In an indication of how defense budgets are likely to adapt to the post-COVID-19 security environment, on the 1st June Australian Prime Minister Scott Morrison announced US$190 billion in additional defense spending over the coming decade. The COVID-19 pandemic has had a destabilising effect, creating a world in Morrison’s words, that is “poorer, that is more dangerous and that is more disorderly.” Harry Boneham, Associate Analyst at GlobalData, comments, “in the context of this coming geopolitical reality, investment in next generation capabilities is becoming an imperative, rather than an indulgence.”

This can be seen within the allocation of funds announced by PM Morrison within the 2020 Defence Strategic Update. Procurement of contemporary, fifth-generation aircraft such as the F-35 is budgeted to continue, with 72 aircraft expected between 2020-2030 at a cost of US$ 6.7 – 11.57 billion. However, there are also large allocations for next-generation capabilities. Notable amongst these is the US$ 5 – 7.5 billion allocation for the procurement of “Teaming Air Vehicle”. This refers to unmanned teaming aircraft, UAVS operating in a loyal wingman role. Boeing Australia is already developing a prototype of a loyal wingman drone for the Royal Australian Air Force, under the umbrella of Australia’s Airpower Teaming System Programme. This capability has the potential to increase the size of fleets at a fraction of the cost of procuring full-up manned platforms. Additionally, they are capable of increasing the survivability of manned platforms by limiting their exposure and increasing their distance from harm during high-risk mission sections.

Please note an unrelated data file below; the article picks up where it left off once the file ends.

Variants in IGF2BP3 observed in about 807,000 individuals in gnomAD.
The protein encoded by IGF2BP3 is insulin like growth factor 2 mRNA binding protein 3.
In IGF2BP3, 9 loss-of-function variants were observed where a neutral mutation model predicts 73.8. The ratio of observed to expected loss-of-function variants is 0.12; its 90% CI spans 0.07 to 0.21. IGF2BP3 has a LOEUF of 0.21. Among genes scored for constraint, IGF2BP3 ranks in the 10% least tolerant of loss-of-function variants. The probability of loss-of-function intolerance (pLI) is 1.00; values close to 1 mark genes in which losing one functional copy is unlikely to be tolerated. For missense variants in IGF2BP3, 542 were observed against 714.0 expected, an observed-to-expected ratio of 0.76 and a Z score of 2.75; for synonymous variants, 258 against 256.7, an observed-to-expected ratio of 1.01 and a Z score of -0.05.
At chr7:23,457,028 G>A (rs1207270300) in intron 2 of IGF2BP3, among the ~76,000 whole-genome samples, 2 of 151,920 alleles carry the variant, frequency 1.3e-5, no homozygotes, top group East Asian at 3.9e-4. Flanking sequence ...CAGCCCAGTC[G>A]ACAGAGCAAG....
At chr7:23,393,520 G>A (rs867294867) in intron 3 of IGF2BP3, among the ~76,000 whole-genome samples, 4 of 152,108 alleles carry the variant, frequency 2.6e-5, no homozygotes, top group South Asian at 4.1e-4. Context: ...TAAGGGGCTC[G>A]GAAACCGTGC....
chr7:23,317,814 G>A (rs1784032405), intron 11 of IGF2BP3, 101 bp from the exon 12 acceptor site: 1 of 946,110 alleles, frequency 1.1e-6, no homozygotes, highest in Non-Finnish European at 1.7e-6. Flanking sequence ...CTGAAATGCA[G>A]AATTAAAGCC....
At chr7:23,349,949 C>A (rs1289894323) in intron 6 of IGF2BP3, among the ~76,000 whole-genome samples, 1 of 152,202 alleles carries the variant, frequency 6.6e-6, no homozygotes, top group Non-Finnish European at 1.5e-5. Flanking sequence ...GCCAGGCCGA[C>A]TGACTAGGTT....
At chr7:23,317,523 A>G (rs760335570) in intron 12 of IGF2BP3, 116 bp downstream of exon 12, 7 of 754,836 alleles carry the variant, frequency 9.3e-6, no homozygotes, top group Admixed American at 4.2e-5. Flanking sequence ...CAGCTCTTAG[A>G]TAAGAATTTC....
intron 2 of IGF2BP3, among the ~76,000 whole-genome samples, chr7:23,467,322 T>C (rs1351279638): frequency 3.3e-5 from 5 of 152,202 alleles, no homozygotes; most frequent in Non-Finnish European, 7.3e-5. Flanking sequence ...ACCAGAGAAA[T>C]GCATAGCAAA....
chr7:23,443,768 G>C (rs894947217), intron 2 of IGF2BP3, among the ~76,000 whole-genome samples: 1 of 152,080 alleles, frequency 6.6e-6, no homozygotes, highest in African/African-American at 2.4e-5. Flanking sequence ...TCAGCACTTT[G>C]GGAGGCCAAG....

In a destabilised post-COVID-19 environment in which conflict is more likely, investment in capabilities such as this will allow states to assert their security as adversary states develop and deploy new weapons which challenge the contemporary military capability edge. In order to maintain this edge, the development of new capabilities is essential.